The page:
ACEND® has begun to identify Noteworthy Nutrition and Dietetics Education Practices among ACEND®-accredited programs and would like to highlight one or more program(s) per quarter for their noteworthy practices on the ACEND® website and in the ACEND® UPdate Newsletter. ACEND® will post due dates for practice submissions via email blasts and newsletter articles.
Program directors or other individuals associated with an ACEND®-accredited program are asked to complete the submission form and an abstract of their noteworthy practice and email it to ACEND® for review. Submissions will be reviewed by an ACEND® Board review team and selected entries will be posted.
Email completed submission forms and supporting documentation to [email protected] with the subject line: Noteworthy Practice Submission.
Concordia College, Dietetic Internship
Meredith Wagner, PhD, RD, LRD
America is experiencing a food waste crisis, with an estimated 30-40 percent of the food supply, approximately 35 million tons annually, never eaten. Wholesome food that could have helped feed the over 48 million Americans living in food insecure households, is going to landfills where it breaks down to produce methane, contributing to greenhouse gas, resulting in climate change. Given the magnitude of the food waste problem in the U.S., national efforts have been implemented.
In fall 2015, the first-ever national food loss and waste goal was announced by the EPA and USDA: a 50 percent reduction in food loss and waste in the U.S. by 2030. In response to the food waste crisis, and modeling after the national goal, Concordia College committed to reducing plate waste in their dining service by 50 percent by 2020. To track progress towards the goal, Concordia College Dietetic Interns are conducting front-of-the-house plate waste studies in Concordia's dining service using a standardized methodology the Dietetic Interns developed.
The standardized methodology will be used to conduct a plate waste study once per semester until fall of 2020. The two-day baseline study, conducted in October 2016, revealed 658 pounds of wasted food. Following programming led by Dietetic Interns to increase awareness of plate waste on campus, another study was conducted in March 2017, which revealed a two-day total plate waste of 485 pounds.
The change in plate waste from October 2016 to March 2017 represents a 26 percent reduction. Additional programming by Dietetic Interns will hopefully result in continued reduction in plate waste in the dining service.
New York University, Dietetic Internship
Lisa Sasson, MS, RD, CDN and Erin Embry, MPA, MS/CCC-SLP
The focus of this course is treating patients with complex medical conditions with varying degrees of dysphagia (swallowing difficulty) and creating a patient-centered, collaborative learning environment. Ten graduate students from NYU's Clinical Nutrition program and ten graduate students from the Speech-Language Disorders program participate. The goal of this course is to recognize the importance of delicious, appealing and healthy foods, regardless of one’s medical condition.
The course also includes simulated real-world opportunities that enhance learning. At NYU Langone Medical Center, residents from Rusk Institute of Rehabilitation Medicine participate by leading our students in case-specific mock team rounds. The culminating experience includes a "Quick Fire" mocktail and "Iron Chef" dysphagia cooking competition, in which student groups select and prepare a beverage and a meal specific to each patient's swallowing and nutritional needs.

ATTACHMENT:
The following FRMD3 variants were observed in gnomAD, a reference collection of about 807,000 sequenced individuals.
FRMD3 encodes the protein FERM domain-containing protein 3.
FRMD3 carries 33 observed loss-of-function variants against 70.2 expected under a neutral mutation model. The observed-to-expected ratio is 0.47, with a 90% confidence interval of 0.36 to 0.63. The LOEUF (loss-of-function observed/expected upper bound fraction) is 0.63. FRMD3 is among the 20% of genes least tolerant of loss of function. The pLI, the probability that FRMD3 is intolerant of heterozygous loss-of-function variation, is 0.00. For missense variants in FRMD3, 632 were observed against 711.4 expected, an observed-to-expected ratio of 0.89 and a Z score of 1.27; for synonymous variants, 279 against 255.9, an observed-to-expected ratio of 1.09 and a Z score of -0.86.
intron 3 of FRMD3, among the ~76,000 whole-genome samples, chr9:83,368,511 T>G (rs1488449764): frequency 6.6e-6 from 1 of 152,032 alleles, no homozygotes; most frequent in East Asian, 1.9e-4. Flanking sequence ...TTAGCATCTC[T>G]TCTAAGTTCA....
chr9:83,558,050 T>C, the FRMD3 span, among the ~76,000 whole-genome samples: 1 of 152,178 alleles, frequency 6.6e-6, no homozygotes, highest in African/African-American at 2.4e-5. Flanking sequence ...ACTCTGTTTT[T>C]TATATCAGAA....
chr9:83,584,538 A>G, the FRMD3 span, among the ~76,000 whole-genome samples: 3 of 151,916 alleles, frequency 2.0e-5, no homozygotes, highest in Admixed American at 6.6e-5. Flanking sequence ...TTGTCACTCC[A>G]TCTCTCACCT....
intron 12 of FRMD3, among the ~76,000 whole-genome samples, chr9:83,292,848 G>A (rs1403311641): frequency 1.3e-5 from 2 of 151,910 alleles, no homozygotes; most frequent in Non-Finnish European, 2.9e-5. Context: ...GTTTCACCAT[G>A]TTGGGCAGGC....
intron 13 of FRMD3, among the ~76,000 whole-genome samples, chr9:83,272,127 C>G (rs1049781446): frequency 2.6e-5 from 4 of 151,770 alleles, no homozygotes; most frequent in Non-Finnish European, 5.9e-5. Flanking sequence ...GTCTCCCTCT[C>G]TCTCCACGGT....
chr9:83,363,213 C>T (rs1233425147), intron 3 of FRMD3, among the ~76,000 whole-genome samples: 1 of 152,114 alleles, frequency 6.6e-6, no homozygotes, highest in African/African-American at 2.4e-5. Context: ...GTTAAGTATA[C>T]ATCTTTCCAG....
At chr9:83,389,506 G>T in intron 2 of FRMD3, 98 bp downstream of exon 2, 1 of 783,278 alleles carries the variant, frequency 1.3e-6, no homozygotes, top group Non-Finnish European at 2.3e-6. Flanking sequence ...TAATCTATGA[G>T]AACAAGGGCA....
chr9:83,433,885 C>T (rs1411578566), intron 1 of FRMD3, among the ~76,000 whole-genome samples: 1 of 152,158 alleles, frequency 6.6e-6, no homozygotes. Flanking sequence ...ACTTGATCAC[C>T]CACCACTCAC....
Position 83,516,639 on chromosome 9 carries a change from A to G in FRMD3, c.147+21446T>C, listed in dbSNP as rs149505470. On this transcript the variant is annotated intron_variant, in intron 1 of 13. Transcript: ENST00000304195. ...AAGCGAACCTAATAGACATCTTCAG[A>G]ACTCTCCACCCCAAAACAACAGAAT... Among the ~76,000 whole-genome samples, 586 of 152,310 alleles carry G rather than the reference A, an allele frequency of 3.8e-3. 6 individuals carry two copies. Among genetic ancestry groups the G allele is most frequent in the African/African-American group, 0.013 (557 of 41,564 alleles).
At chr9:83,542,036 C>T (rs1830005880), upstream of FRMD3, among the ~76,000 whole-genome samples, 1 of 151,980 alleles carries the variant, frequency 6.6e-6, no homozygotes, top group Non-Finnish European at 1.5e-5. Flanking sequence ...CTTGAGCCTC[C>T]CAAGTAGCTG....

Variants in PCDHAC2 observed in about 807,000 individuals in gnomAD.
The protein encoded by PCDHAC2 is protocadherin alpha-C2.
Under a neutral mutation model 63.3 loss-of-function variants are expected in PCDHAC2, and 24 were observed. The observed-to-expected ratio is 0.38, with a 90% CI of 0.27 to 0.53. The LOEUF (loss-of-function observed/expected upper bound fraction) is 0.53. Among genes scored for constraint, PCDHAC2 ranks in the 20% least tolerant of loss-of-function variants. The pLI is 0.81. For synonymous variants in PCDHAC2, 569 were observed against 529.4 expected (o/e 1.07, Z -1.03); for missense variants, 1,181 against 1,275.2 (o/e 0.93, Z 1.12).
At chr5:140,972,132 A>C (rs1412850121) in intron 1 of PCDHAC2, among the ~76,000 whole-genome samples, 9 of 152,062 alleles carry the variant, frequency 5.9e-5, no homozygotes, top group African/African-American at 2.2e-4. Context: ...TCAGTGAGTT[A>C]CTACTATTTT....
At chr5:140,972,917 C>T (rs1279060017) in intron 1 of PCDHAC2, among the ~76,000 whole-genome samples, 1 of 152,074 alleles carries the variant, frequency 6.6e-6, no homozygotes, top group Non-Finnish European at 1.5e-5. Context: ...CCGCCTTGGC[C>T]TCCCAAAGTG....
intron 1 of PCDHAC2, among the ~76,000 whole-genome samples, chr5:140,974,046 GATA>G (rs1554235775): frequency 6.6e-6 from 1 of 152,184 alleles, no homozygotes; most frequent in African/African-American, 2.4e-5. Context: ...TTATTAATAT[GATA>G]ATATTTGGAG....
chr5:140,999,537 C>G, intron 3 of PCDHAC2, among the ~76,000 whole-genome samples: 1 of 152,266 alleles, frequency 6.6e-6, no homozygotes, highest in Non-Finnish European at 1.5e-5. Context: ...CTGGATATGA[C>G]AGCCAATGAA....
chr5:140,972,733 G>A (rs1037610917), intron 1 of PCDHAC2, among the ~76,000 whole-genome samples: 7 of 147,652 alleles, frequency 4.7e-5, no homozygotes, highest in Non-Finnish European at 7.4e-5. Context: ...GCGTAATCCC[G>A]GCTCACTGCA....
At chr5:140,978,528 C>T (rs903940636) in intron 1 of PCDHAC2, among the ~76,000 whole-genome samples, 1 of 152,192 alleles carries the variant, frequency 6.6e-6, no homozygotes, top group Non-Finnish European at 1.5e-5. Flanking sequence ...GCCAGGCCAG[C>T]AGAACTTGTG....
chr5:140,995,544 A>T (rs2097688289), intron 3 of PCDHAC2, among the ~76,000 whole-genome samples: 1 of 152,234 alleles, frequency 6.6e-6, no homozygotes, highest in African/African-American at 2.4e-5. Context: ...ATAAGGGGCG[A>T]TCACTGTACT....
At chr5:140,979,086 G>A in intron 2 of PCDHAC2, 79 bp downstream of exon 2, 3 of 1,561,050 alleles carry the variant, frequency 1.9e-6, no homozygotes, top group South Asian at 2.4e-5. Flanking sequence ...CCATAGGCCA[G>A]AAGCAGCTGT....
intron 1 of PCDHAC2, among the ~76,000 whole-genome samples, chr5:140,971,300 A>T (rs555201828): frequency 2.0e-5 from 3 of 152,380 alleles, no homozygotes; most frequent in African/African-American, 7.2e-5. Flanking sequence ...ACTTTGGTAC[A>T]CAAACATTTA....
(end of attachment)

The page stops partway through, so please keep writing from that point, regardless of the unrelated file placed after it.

Esteemed professionals from the medical field, culinary arts and food profession serve as our guest judges. The audience is made up of faculty and students from different health professions and medical residents from NYU Langone Medical Center.
The students always rise to the challenge and create meals that meet all the criteria: tasty, eye appealing, and culturally and medically appropriate. This can make it very challenging for the judges to select a winner! The emphasis of this course is treating the patient, not the disease, and to place special value on sensory importance of a meal.
University of North Carolina at Chapel Hill, Coordinated Program
Amanda Holliday, MS, RD, LDN
The task for tracking students through the dietetic internship process is a challenge for any school. At the University of North Carolina at Chapel Hill, we developed a software platform called PRISM (Preceptor Instructor Student Management) to meet the needs of our 72 students and multiple preceptors in the field at any given time, and to aid instructors in data tracking and reporting.
PRISM supports preceptors by allowing them to easily track past, present, and current students and to complete student evaluations online. PRISM supports instructors by housing student, site and preceptor data (including secure storage of students' onboarding documentation for each site) as well as assignments and evaluations. The software supports students by storing contact information for instructor's and preceptors; tracking various rotations; storing syllabi, due dates, and assignments.
The software also provides a "blogging" feature that allows students to share their experiences with instructors and members of their cohort, and to respond to the posts of others. In addition, PRISM allows for private communication between students, instructors, and preceptors. PRISM can even follow students and survey them beyond graduation, allowing for continued data tracking and assistance in meeting ACEND® requirements.
PRISM has been a vital tool for UNC's students for three years and because it is fully customizable, we are beginning to market it to various programs in other universities.